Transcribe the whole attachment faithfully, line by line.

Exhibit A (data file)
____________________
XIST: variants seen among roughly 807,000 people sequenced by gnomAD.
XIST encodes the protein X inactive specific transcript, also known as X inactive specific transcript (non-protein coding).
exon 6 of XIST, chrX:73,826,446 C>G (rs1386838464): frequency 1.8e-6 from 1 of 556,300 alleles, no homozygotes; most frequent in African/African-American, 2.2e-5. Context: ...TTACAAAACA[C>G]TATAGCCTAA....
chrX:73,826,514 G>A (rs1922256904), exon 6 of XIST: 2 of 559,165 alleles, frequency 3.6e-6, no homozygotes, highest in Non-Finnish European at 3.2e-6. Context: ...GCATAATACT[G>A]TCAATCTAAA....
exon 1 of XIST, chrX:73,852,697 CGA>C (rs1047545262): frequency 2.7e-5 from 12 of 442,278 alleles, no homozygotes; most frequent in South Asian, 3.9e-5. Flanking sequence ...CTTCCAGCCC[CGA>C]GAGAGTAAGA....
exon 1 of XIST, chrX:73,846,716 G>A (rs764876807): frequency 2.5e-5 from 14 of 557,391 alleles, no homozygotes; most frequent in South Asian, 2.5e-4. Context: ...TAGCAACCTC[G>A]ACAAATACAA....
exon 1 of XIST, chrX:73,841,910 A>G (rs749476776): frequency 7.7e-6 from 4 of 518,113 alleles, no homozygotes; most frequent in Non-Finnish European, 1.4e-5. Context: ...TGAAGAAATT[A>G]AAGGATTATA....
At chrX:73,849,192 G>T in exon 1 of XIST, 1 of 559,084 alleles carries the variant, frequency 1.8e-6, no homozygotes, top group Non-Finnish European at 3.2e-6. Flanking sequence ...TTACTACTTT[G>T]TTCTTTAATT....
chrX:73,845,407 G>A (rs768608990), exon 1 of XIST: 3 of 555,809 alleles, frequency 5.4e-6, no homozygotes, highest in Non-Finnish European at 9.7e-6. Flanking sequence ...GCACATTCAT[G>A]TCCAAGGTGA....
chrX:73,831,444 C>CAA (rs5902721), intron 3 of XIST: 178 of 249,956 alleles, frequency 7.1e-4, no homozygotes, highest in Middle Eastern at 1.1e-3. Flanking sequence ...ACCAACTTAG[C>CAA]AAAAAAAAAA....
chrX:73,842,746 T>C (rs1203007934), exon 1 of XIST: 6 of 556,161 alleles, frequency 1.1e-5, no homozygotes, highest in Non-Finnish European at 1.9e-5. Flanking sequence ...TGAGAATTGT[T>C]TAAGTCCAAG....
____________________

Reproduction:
XIST: variants seen among roughly 807,000 people sequenced by gnomAD.
XIST encodes the protein X inactive specific transcript, also known as X inactive specific transcript (non-protein coding).
exon 6 of XIST, chrX:73,826,446 C>G (rs1386838464): frequency 1.8e-6 from 1 of 556,300 alleles, no homozygotes; most frequent in African/African-American, 2.2e-5. Context: ...TTACAAAACA[C>G]TATAGCCTAA....
chrX:73,826,514 G>A (rs1922256904), exon 6 of XIST: 2 of 559,165 alleles, frequency 3.6e-6, no homozygotes, highest in Non-Finnish European at 3.2e-6. Context: ...GCATAATACT[G>A]TCAATCTAAA....
exon 1 of XIST, chrX:73,852,697 CGA>C (rs1047545262): frequency 2.7e-5 from 12 of 442,278 alleles, no homozygotes; most frequent in South Asian, 3.9e-5. Flanking sequence ...CTTCCAGCCC[CGA>C]GAGAGTAAGA....
exon 1 of XIST, chrX:73,846,716 G>A (rs764876807): frequency 2.5e-5 from 14 of 557,391 alleles, no homozygotes; most frequent in South Asian, 2.5e-4. Context: ...TAGCAACCTC[G>A]ACAAATACAA....
exon 1 of XIST, chrX:73,841,910 A>G (rs749476776): frequency 7.7e-6 from 4 of 518,113 alleles, no homozygotes; most frequent in Non-Finnish European, 1.4e-5. Context: ...TGAAGAAATT[A>G]AAGGATTATA....
At chrX:73,849,192 G>T in exon 1 of XIST, 1 of 559,084 alleles carries the variant, frequency 1.8e-6, no homozygotes, top group Non-Finnish European at 3.2e-6. Flanking sequence ...TTACTACTTT[G>T]TTCTTTAATT....
chrX:73,845,407 G>A (rs768608990), exon 1 of XIST: 3 of 555,809 alleles, frequency 5.4e-6, no homozygotes, highest in Non-Finnish European at 9.7e-6. Flanking sequence ...GCACATTCAT[G>A]TCCAAGGTGA....
chrX:73,831,444 C>CAA (rs5902721), intron 3 of XIST: 178 of 249,956 alleles, frequency 7.1e-4, no homozygotes, highest in Middle Eastern at 1.1e-3. Flanking sequence ...ACCAACTTAG[C>CAA]AAAAAAAAAA....
chrX:73,842,746 T>C (rs1203007934), exon 1 of XIST: 6 of 556,161 alleles, frequency 1.1e-5, no homozygotes, highest in Non-Finnish European at 1.9e-5. Flanking sequence ...TGAGAATTGT[T>C]TAAGTCCAAG....